Friday, October 15, 2010

Anyone Excited About Stone Crab Season?

The commercial and recreational harvest season for stone crab claws in Florida opens today, Oct. 15 and runs until May 15.   Scuba divers that have been checking near local bridges and causeways, are saying this season could be another great one.

Stone crabs can be found along rocky shorelines, and by scuba diving around local bridges.  But low visibility and strong currents in those areas can be dangerous, so it's better to leave that to experienced divers.

Stone crabs have two claws, but since they are threatened, only one claw can be taken and the crab has to be returned to the water alive, with the other claw still intact.  Another claw will grow back to replace the one taken.  A stone-crabber grabs one of the claws, applies a little pressure, and the animal simply lets it go.  But I've been told there is skill involved, if the claw is removed the wrong way, it could possibly kill the crab.

Most stone crabs have one claw that is larger than the other. The largest, is the one most desired for the dinner table and is the animal's weapon to crush clams and oysters.  Just imagine what it could do to a finger, great care should be used when handling these crabs.

Florida law requires crabbers to have a saltwater fishing license.  Claws may not be taken from egg-bearing female stone crabs which should be visible under the crab. The use of hooks, spears or devices that could injure the crab's body also are prohibited.

Recreational harvesters are allowed to use up to five stone crab traps, and there is a daily bag limit of one gallon of claws per person or two gallons per vessel, whichever is less.

Most Stone crabs are taken in commercial traps.  The claws are sold to seafood houses where they are cooked and immediately cooled, which  keeps the meat from sticking to the shell.  Claws are boiled for eight minutes at 160 degrees, flushed in cool, fresh water and then covered with ice.   They are graded into three sizes, with 3 to 5 ozs being average.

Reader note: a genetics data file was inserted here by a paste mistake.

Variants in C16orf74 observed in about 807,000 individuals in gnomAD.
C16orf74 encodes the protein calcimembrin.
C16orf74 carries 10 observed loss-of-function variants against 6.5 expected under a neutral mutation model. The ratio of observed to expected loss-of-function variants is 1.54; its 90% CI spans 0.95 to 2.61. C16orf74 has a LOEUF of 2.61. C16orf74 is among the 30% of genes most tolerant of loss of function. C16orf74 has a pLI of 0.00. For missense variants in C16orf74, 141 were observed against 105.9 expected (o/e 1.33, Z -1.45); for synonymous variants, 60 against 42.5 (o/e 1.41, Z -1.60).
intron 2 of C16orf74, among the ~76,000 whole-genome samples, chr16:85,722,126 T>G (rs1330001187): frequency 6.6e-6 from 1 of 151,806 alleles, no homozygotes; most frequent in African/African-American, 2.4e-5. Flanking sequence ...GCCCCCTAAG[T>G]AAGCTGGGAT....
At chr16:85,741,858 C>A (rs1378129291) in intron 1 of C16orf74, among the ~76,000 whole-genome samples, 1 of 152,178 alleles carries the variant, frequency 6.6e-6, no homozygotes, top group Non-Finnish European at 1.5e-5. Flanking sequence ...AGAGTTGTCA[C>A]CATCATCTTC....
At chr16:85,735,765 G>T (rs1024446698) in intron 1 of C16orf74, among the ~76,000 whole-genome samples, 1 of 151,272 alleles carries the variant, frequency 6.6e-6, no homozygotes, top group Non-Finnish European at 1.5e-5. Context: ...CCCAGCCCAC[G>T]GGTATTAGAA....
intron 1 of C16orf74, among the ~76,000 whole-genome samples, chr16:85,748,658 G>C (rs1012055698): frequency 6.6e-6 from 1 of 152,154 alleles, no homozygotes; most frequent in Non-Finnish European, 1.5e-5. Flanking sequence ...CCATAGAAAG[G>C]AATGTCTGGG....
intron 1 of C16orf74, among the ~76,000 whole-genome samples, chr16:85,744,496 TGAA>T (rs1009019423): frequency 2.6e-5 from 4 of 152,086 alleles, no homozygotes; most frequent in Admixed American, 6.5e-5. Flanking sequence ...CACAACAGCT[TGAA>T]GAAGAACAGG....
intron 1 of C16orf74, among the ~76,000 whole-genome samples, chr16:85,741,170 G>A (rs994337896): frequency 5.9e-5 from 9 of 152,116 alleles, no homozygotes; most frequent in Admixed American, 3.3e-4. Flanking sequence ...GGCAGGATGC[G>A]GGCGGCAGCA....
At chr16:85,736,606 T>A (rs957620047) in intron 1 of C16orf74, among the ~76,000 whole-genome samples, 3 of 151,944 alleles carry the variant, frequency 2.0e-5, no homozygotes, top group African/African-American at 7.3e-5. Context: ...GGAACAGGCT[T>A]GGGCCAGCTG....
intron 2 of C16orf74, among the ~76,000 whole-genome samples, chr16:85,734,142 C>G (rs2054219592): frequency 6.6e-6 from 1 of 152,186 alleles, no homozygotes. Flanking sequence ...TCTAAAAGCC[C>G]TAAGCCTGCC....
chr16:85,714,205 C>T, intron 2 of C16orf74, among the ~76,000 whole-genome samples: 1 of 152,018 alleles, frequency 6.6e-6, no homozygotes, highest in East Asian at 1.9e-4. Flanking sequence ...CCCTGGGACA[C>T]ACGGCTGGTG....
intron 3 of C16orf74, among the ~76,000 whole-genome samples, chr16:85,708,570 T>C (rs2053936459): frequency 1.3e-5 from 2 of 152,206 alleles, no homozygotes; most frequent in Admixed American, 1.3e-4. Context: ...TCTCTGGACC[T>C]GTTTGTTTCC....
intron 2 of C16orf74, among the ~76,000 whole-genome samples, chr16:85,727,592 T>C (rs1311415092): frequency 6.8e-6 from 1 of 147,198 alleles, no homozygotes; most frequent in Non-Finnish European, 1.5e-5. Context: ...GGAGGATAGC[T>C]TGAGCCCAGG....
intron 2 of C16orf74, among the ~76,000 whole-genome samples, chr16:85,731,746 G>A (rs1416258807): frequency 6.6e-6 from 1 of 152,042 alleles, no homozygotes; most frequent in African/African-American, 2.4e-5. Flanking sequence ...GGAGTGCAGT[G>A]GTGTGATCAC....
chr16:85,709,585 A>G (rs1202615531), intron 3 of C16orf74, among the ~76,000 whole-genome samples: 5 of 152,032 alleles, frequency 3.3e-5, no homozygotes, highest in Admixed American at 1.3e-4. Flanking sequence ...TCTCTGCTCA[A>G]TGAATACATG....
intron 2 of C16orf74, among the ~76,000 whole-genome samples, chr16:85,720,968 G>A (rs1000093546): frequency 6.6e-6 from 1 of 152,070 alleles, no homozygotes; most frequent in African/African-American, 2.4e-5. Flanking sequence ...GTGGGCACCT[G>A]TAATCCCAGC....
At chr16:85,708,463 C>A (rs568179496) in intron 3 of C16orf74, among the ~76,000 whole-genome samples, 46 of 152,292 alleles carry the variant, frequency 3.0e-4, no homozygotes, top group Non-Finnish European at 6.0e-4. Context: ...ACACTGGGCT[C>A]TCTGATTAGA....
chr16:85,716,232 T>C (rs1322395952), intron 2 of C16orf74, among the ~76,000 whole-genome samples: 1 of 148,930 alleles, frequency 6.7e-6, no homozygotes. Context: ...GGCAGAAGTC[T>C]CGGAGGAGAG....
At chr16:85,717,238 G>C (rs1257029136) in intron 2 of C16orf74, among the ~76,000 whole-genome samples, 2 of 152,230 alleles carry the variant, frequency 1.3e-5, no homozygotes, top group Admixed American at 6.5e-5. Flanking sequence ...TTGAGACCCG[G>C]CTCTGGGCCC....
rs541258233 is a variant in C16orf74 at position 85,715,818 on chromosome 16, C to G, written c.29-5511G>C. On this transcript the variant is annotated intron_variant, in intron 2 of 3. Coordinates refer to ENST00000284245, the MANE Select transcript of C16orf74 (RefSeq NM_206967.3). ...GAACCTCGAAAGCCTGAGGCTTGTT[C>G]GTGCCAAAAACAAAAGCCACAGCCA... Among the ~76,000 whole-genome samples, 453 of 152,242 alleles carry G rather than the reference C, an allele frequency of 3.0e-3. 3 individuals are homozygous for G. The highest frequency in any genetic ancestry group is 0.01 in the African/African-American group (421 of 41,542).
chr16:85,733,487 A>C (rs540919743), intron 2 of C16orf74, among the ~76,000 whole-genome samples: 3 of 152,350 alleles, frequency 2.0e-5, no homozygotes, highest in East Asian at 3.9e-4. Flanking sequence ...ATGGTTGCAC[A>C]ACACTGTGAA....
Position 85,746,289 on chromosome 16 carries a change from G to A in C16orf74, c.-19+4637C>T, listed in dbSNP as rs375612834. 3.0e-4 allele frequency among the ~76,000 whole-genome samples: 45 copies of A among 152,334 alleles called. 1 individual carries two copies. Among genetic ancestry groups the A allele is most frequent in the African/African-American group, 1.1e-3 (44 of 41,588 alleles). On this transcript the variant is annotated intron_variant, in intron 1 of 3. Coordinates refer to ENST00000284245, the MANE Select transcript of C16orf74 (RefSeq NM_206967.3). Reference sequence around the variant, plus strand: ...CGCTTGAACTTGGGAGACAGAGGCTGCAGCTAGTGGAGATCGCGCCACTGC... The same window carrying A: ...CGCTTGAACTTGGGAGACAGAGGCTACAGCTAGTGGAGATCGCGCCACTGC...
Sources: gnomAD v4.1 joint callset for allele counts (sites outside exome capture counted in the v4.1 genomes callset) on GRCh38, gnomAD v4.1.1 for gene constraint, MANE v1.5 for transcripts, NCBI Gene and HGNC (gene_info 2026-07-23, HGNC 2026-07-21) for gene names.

Since the claws are already cooked, all we have to do is just crack and eat. Or they can be slightly heated and served with drawn butter or cold with mustard sauce made in a variety of ways, with mayonnaise or sour cream, and added items like parsley flakes, Worcestershire or A-1 Sauce, salt and pepper.  However you like them, they are delicious.

7 comments:

Heaven's Walk - said...

Mmmmm mmmm mmmm! Love stone crabs! I love walking in to those Sanibel restaurants and smelling that wonderful aroma. It makes my mouth water! Thanks for the interesting post day, Tootie. I learned alot! Have a wonderful weekend down there!

xoxo laurie

The Florida Blogger said...

I'd be real excited about stone crab season if I could find someone to take me:)

Love of the Sea said...

Heck yeah - I am so excited about stone crab season. I can not wait to have some stone crabs. :)

Gayle said...

By the time I got to the end of your post I was drooling on myself. I'm going to have to pay attention to the next time Two Rivers has an all-you-can-eat crab night!

George said...

Thanks for the information on the way stone crab claws are harvested. I'm glad to hear that the crab is not killed or injured when the claw is harvested.

By the way, they sound delicious.

Rita said...

They were hard to find last night since it ws the first night, but Pincher's had them, of course.

It was a great welcome back to Florida dinner since I arrived just yesterday morning.

Splurged on the jumbo size. My husband just said we could get them at Costco in Fort Myers, so I might just have to make a trip over their on day and eat out on the lanai.

The weather is PERFECT.

Go Colts!

gpc said...

I've never had stone crab!